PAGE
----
18 years of live nativity
WEST POINT — For an 18th year, the West Point First United Methodist Church has had a two-night live Nativity. It’s the church’s Christmas gift to the community, and once again it drew a good response from the community. Lots of cars drove by a slow speeds to see it and many more parked their cars and walked up to the front of the church to see it. There’s a sound system that plays traditional Christmas carols and a narration of the Christmas story.
“We try to go for simplicity,” said Helen Zachry, who heads up the project each year. “That’s the way it was when Jesus was born. Before each shift we pray for everything to go well, remembering that we can go home to warm beds that night. It wasn’t that way for Mary and Joseph. They had to stay in that stable all night.”
There have been some years where the weather was a problem. People have had to stand in cold weather and on rainy nights.
“It was so cold one year we had to cancel it,” Zachry said.
In most years there’s a live sheep that’s part of the program.
“One year he got away, and one of the shepherds had to run up Seventh Street and catch him before he got to the intersection of Avenue E.”
Those taking part in the Nativity rotate in 30-minute shifts. There are four people portraying the roles of Mary and Joseph. This year they were Shelia and Johnny Matthews, Tiffany and Coleman Reeves, Maya Barker and JahWill Fannings and Katie and the Rev. John Mattox.There have been three stables throughout the years. The first one was stored in the West Point Industries plant on the State Line Road and was blown off the truck when it was being transported to the church in early December.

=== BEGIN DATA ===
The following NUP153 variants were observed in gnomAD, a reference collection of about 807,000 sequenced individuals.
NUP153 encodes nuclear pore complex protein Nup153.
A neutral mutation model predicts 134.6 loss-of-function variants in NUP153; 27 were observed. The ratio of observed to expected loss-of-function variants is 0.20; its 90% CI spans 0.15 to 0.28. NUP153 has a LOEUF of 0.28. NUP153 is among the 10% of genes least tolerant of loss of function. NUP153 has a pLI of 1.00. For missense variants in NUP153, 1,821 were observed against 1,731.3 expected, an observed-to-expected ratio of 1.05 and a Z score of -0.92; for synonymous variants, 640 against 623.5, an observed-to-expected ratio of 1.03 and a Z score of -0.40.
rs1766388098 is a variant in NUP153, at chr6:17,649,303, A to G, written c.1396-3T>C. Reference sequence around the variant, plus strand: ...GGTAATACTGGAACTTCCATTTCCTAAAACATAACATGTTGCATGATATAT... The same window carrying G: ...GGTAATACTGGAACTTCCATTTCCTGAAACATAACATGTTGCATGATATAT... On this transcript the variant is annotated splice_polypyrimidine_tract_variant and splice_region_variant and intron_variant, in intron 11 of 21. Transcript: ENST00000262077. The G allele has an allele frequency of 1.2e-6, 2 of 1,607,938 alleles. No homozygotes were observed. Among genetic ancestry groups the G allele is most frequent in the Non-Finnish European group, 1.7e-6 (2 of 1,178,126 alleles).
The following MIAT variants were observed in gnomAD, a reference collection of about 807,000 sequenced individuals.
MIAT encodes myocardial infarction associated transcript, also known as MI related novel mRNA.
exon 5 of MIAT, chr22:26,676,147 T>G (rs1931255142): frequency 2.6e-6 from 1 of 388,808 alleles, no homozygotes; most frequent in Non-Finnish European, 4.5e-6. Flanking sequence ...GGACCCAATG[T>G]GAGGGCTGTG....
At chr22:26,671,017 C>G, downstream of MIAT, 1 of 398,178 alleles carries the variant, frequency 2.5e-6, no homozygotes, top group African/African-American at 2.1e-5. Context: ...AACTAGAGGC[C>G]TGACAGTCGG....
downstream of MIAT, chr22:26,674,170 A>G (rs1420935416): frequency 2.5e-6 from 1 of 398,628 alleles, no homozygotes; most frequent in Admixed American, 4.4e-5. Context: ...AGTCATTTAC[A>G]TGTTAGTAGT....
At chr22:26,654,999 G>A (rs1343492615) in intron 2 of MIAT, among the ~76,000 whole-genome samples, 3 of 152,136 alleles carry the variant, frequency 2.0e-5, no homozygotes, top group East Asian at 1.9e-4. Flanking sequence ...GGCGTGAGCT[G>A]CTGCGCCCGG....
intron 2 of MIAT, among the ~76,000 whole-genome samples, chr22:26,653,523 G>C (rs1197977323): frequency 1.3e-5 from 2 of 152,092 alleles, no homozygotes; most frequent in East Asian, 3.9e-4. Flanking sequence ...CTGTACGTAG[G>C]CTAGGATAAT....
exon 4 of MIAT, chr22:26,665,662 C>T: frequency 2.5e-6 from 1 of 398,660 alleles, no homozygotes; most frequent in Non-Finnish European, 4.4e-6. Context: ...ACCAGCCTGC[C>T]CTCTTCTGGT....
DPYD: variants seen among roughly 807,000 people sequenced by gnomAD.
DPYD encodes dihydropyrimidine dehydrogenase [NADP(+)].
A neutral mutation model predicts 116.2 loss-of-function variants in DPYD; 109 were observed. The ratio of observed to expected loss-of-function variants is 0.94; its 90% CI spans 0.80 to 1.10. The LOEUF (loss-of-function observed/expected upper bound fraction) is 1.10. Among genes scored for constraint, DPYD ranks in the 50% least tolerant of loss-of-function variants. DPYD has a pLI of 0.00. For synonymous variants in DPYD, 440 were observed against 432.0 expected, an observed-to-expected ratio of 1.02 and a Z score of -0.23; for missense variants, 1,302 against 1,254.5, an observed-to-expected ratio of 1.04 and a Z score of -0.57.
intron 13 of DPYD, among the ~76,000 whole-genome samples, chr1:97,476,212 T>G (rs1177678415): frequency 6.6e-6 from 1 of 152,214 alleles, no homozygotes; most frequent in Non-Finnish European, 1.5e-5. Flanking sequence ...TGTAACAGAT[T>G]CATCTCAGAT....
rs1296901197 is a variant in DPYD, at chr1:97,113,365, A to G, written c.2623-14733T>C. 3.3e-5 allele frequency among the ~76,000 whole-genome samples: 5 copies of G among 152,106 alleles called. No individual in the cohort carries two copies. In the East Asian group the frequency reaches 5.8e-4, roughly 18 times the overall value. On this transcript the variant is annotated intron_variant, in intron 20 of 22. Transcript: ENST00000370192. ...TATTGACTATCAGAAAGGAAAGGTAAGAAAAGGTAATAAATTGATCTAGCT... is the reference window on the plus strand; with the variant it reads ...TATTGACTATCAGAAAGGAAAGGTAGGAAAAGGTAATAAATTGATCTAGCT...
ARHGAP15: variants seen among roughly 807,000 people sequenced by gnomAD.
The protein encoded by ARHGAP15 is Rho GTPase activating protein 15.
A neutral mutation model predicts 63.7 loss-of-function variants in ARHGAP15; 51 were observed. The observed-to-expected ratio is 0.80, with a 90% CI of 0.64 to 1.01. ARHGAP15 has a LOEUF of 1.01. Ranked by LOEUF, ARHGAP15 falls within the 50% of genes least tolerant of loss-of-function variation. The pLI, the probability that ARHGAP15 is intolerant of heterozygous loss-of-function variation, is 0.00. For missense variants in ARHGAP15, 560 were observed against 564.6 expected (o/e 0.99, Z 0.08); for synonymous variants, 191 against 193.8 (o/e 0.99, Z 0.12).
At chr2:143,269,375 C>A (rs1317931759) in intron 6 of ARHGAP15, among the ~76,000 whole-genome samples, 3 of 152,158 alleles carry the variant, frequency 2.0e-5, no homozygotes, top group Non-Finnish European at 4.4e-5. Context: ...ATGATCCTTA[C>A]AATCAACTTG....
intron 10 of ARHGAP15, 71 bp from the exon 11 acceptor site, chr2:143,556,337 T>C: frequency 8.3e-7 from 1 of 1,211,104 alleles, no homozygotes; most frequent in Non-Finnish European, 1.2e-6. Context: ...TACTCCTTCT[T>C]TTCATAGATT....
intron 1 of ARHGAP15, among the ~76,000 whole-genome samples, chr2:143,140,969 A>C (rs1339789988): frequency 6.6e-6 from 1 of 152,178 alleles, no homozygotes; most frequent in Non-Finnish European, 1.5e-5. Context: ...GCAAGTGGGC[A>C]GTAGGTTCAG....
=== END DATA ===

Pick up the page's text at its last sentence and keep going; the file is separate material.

“It was heartbreaking,” Zachry said. “It was such a beautiful stable, and it was broken into a thousand pieces.”
The next one was more compact, but Joseph had trouble standing up inside it. The third and current one in use is plenty big enough but has to be assembled in sections each year. One constant in the live Nativity is the Star of Bethlehem.
“It was made by Hugh Jones 18 years ago,” Zachry said. “It fits over the roof line of the church. We think about Mr. Jones every year we put it up.”
Each year there’s always Mary, Joseph, the Baby Jesus and three wise men. The number of shepherds depends on the number of volunteers who will put on the outfit and stand there for 30 minutes. Sometimes there’s three of four, and many times more than that.
“We had seven shepherds on the first shift last night,” Zachry said. “We have plenty of costumes,” Zachry said. “Most of them were made by Terry Scroggs. Terry Fagan made the angel garments for us.”
Zachry has a way of enticing people to play the parts.
“We provide the costumes,” she said. “You don’t have to learn any lines, and you’ll get a free supper.”
Terri Culpepper of Terri’s Mill Village Cafe provides free supper for the cast.
“We have some people who have been doing this for years,” Zachry said. “It’s really special to them. They’re usually on the same shift together.”